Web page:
Hyponatraemia in acute HF: Tolvaptan effective, but does not reduce mortality
Tolvaptan improves dyspnoea, increases sodium levels and reduces body weight in patients with acute heart failure (HF) with or without hyponatraemia, but no significant effect is seen in mortality or rehospitalization, according to a recent meta-analysis.
“Hyponatraemia is common in patients with HF. Even mild hyponatraemia is associated with increased risks of adverse outcomes, such as mortality,” said Dr Cheuk-Chun Szeto of the Chinese University of Hong Kong. [Clin J Am Soc Nephrol 2015;10:2268-2278]
“Fluid restriction is useful for managing hyponatraemia in HF, with the rule of thumb being a fluid intake that is 500 mL less than the patient’s 24-hour urine volume, but compliance is difficult,” he continued. [Am J Med 2013;126(Suppl 1):S1-S42]
Nevertheless, both American and European guidelines recommend fluid restriction as first-line treatment for most forms of chronic hyponatraemia. [J Am Soc Nephrol 2017;28:1340-1349]
“Vasopressin receptor antagonists are trendy drugs in hyponatraemia, with tolvaptan being the most commonly used agent,” said Szeto. “While tolvaptan is effective in treatment of acute HF with or without hyponatraemia, a recent meta-analysis of 14 trials showed no effect in reducing mortality or rehospitalization.” [J Int Med Res 2019;47:5414-5425]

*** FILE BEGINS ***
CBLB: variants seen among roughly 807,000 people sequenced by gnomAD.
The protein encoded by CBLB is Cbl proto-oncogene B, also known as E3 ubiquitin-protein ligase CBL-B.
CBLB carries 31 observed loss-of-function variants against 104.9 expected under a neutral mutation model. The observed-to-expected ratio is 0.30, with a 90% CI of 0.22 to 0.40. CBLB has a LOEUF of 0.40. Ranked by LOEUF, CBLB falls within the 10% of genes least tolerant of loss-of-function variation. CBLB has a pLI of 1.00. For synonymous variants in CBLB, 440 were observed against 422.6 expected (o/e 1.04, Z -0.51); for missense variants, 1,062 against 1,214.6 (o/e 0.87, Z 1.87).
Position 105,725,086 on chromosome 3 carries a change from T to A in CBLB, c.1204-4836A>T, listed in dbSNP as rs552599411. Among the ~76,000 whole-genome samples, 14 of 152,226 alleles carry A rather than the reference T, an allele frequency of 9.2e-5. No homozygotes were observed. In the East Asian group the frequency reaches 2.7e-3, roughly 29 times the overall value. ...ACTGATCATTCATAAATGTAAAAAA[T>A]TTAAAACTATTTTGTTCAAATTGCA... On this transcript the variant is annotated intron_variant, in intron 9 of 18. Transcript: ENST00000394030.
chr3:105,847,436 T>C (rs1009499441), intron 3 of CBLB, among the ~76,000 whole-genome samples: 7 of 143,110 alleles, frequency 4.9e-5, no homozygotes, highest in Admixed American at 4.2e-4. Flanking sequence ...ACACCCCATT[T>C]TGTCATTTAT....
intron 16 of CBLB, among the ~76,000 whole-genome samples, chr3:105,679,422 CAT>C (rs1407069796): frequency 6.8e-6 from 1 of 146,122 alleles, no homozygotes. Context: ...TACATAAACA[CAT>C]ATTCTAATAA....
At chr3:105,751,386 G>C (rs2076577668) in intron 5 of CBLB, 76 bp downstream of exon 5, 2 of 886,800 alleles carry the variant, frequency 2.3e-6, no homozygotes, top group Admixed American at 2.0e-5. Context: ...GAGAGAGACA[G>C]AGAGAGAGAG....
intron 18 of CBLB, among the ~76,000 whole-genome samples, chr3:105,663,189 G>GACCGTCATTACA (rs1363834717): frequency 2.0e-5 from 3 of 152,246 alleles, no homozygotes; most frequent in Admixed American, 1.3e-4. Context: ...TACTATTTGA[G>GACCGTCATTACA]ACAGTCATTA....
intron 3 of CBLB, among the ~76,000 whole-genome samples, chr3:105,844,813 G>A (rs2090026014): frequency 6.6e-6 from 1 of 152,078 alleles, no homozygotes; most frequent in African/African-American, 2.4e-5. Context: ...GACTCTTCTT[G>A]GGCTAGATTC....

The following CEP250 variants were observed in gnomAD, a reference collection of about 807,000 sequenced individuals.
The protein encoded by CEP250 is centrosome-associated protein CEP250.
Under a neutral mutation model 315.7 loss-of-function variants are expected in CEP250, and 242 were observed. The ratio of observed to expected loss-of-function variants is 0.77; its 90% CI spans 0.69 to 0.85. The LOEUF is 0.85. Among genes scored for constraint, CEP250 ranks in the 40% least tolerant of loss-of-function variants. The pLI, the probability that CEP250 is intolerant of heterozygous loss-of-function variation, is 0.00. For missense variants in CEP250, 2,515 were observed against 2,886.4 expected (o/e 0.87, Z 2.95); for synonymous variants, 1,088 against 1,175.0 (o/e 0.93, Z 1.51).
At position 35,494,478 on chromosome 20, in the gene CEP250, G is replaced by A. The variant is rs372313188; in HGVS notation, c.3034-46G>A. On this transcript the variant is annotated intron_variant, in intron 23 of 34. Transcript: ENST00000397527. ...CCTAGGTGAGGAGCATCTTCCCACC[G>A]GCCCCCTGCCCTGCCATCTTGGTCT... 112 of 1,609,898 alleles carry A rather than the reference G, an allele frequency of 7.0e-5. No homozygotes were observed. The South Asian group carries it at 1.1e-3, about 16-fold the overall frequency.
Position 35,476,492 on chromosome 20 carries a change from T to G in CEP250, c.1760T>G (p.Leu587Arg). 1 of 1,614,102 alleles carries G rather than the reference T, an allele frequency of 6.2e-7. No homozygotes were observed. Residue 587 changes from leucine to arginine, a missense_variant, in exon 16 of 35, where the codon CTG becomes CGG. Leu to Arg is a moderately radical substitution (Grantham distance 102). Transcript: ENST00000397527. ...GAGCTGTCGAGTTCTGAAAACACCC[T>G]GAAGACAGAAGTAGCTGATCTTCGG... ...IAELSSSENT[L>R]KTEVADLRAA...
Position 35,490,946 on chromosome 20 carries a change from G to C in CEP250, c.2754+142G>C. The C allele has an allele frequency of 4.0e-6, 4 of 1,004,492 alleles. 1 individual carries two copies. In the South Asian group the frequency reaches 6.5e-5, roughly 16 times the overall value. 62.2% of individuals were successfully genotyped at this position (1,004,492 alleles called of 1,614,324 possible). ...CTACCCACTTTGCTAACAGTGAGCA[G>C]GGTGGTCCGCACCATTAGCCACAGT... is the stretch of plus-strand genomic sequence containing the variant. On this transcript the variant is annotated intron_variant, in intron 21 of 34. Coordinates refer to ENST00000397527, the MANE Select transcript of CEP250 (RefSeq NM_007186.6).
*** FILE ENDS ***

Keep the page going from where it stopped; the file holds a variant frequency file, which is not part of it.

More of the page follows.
In the meta-analysis, tolvaptan was found to significantly reduce body weight (mean change, -1.28 kg), increase serum sodium level (mean change, +3.48 mmol/L), and improve dyspnoea function (odds ratio [OR], 1.43; 95 percent confidence interval [CI], 1.26 to 1.62) vs conventional treatment in patients with acute HF with or without hyponatraemia. However, no significant reduction was seen with tolvaptan in the risk of mortality (OR, 1.12; 95 percent CI, 0.71 to 1.76) or rehospitalization (OR, 1.06; 95 percent CI, 0.94 to 1.21). [J Int Med Res 2019;47:5414-5425]
“Because of the lack of improvement in hard outcomes, European guidelines actually recommend against the use of vasopressin receptor antagonists in chronic hyponatraemia, although American guidelines recommend their use as one of the first-line treatment options,” Szeto pointed out. [J Am Soc Nephrol 2017;28:1340-1349]“Extracorporeal therapies, commonly used in acute HF with or without hyponatraemia, are useful in patients with fluid overload, but a dialysis component is needed to improve plasma sodium,” he added. [Am J Kidney Dis 2016;68:645-657] “Frusemide results in deficit in urinary concentration and dilution, and can therefore improve hyponatraemia in HF if patients are fluid overloaded, or if urine concentration is much higher than plasma.”